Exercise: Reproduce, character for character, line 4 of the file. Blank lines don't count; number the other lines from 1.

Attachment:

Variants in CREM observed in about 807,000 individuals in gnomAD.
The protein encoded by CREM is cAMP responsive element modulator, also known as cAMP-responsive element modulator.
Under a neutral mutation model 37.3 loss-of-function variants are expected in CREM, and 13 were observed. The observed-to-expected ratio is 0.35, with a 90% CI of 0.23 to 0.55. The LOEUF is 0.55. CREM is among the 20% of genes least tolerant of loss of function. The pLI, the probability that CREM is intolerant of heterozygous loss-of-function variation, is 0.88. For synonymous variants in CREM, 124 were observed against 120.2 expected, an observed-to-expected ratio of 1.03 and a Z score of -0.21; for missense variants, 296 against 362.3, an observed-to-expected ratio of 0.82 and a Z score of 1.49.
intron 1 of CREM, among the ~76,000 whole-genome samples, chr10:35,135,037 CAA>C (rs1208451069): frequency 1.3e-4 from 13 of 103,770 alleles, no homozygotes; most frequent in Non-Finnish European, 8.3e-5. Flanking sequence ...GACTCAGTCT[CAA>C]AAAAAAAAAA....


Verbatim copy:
intron 1 of CREM, among the ~76,000 whole-genome samples, chr10:35,135,037 CAA>C (rs1208451069): frequency 1.3e-4 from 13 of 103,770 alleles, no homozygotes; most frequent in Non-Finnish European, 8.3e-5. Flanking sequence ...GACTCAGTCT[CAA>C]AAAAAAAAAA....